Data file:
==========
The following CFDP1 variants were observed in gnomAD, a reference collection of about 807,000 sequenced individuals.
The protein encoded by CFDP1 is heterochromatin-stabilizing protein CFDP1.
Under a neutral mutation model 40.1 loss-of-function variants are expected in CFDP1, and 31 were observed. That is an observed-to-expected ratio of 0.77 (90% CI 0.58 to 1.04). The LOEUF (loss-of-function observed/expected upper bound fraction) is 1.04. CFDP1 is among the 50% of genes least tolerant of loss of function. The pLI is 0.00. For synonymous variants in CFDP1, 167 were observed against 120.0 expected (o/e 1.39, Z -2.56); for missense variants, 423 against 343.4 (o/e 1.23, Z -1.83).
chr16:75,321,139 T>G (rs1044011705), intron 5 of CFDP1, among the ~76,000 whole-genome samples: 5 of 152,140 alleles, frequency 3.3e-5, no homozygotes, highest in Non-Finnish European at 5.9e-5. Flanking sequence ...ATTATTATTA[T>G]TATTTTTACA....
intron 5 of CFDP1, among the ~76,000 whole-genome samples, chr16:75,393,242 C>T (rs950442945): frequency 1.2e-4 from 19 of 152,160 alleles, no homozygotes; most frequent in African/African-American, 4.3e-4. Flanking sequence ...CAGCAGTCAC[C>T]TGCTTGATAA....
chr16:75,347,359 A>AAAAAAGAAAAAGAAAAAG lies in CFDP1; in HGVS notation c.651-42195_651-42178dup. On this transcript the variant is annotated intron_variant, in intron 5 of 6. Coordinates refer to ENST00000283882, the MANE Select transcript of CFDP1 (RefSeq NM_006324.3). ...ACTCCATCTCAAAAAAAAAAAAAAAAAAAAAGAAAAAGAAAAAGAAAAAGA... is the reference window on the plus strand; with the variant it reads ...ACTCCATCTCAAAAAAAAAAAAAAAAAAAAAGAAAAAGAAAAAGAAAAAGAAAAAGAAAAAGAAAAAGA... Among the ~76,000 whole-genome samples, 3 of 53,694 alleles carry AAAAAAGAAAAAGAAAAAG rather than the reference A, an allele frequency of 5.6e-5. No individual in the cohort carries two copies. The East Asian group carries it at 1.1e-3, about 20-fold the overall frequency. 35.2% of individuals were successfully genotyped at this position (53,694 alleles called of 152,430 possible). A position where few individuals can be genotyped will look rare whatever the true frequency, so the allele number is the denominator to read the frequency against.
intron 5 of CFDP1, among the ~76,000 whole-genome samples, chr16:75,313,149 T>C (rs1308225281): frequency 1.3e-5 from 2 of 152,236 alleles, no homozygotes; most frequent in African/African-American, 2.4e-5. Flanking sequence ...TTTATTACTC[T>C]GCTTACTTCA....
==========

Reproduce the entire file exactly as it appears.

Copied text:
The following CFDP1 variants were observed in gnomAD, a reference collection of about 807,000 sequenced individuals.
The protein encoded by CFDP1 is heterochromatin-stabilizing protein CFDP1.
Under a neutral mutation model 40.1 loss-of-function variants are expected in CFDP1, and 31 were observed. That is an observed-to-expected ratio of 0.77 (90% CI 0.58 to 1.04). The LOEUF (loss-of-function observed/expected upper bound fraction) is 1.04. CFDP1 is among the 50% of genes least tolerant of loss of function. The pLI is 0.00. For synonymous variants in CFDP1, 167 were observed against 120.0 expected (o/e 1.39, Z -2.56); for missense variants, 423 against 343.4 (o/e 1.23, Z -1.83).
chr16:75,321,139 T>G (rs1044011705), intron 5 of CFDP1, among the ~76,000 whole-genome samples: 5 of 152,140 alleles, frequency 3.3e-5, no homozygotes, highest in Non-Finnish European at 5.9e-5. Flanking sequence ...ATTATTATTA[T>G]TATTTTTACA....
intron 5 of CFDP1, among the ~76,000 whole-genome samples, chr16:75,393,242 C>T (rs950442945): frequency 1.2e-4 from 19 of 152,160 alleles, no homozygotes; most frequent in African/African-American, 4.3e-4. Flanking sequence ...CAGCAGTCAC[C>T]TGCTTGATAA....
chr16:75,347,359 A>AAAAAAGAAAAAGAAAAAG lies in CFDP1; in HGVS notation c.651-42195_651-42178dup. On this transcript the variant is annotated intron_variant, in intron 5 of 6. Coordinates refer to ENST00000283882, the MANE Select transcript of CFDP1 (RefSeq NM_006324.3). ...ACTCCATCTCAAAAAAAAAAAAAAAAAAAAAGAAAAAGAAAAAGAAAAAGA... is the reference window on the plus strand; with the variant it reads ...ACTCCATCTCAAAAAAAAAAAAAAAAAAAAAGAAAAAGAAAAAGAAAAAGAAAAAGAAAAAGAAAAAGA... Among the ~76,000 whole-genome samples, 3 of 53,694 alleles carry AAAAAAGAAAAAGAAAAAG rather than the reference A, an allele frequency of 5.6e-5. No individual in the cohort carries two copies. The East Asian group carries it at 1.1e-3, about 20-fold the overall frequency. 35.2% of individuals were successfully genotyped at this position (53,694 alleles called of 152,430 possible). A position where few individuals can be genotyped will look rare whatever the true frequency, so the allele number is the denominator to read the frequency against.
intron 5 of CFDP1, among the ~76,000 whole-genome samples, chr16:75,313,149 T>C (rs1308225281): frequency 1.3e-5 from 2 of 152,236 alleles, no homozygotes; most frequent in African/African-American, 2.4e-5. Flanking sequence ...TTTATTACTC[T>C]GCTTACTTCA....